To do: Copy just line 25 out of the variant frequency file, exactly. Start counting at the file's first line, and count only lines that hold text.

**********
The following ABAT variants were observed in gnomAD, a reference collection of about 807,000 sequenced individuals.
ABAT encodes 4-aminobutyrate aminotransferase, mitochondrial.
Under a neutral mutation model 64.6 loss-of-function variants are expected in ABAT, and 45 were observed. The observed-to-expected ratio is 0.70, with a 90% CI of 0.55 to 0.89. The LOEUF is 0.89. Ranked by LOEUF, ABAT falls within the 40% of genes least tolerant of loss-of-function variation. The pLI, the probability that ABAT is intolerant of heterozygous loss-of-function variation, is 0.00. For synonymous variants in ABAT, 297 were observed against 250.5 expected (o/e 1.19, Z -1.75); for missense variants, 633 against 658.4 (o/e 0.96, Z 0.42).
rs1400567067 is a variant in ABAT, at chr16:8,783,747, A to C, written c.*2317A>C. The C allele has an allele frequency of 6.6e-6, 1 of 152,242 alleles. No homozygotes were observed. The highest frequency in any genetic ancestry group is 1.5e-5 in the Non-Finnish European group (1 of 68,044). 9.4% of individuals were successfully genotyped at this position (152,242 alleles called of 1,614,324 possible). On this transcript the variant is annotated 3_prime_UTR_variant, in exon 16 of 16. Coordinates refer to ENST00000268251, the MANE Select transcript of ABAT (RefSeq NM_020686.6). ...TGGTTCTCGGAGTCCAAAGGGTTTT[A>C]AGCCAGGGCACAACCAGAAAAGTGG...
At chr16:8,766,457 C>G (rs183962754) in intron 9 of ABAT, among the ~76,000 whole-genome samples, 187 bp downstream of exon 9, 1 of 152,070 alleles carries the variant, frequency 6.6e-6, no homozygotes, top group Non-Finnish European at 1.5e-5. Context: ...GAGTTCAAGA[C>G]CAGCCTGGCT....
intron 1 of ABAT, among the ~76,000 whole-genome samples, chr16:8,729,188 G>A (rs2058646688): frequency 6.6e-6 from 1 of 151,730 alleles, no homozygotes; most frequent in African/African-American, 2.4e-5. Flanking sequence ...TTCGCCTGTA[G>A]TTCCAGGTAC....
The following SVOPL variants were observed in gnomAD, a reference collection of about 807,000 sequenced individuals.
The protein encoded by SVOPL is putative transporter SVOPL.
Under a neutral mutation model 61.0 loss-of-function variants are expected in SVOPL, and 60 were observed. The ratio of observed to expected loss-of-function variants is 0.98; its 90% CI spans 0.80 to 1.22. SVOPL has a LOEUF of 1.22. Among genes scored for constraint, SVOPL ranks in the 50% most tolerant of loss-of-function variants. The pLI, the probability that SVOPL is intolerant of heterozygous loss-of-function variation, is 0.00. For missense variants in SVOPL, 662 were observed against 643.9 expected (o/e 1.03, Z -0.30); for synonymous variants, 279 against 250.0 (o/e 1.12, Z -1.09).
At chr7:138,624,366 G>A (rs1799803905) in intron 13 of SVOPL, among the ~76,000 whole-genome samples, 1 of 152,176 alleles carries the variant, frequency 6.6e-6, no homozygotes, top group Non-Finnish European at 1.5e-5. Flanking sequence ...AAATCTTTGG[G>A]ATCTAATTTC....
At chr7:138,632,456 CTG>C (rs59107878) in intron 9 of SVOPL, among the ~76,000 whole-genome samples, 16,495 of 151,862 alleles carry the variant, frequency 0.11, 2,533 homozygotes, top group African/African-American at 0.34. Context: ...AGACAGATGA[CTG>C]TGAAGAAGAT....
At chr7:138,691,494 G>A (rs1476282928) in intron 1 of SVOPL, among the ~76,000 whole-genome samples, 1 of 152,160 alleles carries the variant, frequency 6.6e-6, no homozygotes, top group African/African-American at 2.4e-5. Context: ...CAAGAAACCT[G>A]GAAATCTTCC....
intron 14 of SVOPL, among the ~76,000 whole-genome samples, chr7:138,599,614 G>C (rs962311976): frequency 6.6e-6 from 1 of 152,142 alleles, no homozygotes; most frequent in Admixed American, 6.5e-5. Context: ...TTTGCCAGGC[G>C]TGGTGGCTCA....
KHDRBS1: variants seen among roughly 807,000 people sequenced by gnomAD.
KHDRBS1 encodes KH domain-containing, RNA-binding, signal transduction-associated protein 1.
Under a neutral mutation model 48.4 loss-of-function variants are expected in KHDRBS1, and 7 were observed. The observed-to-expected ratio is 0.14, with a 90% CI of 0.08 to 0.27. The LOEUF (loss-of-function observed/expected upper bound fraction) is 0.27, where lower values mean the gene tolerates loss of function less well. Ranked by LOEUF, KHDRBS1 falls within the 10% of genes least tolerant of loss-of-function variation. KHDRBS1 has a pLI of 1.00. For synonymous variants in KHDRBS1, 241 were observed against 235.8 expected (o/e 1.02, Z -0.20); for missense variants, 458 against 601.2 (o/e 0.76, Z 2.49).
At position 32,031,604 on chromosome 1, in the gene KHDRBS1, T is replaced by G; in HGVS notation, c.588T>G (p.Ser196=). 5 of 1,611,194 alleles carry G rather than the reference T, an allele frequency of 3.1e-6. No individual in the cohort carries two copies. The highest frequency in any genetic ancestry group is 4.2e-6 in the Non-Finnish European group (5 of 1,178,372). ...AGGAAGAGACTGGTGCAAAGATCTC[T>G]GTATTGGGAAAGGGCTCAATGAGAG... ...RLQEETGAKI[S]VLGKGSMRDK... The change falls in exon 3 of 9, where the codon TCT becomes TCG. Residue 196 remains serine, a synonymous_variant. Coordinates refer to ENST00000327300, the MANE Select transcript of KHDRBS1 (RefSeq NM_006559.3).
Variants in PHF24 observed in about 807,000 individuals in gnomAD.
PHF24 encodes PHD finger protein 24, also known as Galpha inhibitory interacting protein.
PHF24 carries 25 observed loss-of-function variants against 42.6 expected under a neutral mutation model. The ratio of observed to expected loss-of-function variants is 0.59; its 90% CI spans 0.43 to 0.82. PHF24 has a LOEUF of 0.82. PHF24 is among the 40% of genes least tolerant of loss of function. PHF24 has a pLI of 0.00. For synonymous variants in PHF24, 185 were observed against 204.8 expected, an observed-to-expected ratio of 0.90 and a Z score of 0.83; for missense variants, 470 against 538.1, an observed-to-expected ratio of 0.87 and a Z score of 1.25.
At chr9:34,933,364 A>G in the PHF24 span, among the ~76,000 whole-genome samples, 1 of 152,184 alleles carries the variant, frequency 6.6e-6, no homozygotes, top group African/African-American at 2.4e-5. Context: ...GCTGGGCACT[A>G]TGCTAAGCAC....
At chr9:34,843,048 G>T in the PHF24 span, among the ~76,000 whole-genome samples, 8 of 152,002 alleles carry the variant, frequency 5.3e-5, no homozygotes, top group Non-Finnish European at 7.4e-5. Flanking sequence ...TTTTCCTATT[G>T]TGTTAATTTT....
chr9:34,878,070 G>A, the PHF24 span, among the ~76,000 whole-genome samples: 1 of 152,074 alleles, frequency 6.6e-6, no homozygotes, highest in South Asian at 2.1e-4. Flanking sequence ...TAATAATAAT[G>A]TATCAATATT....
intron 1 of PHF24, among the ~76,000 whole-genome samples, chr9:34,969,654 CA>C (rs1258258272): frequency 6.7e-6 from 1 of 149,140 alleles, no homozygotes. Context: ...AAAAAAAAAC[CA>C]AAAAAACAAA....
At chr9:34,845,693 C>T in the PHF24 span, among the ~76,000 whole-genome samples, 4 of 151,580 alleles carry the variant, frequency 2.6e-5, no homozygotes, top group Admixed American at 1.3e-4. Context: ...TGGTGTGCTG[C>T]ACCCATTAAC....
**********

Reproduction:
At chr9:34,845,693 C>T in the PHF24 span, among the ~76,000 whole-genome samples, 4 of 151,580 alleles carry the variant, frequency 2.6e-5, no homozygotes, top group Admixed American at 1.3e-4. Context: ...TGGTGTGCTG[C>T]ACCCATTAAC....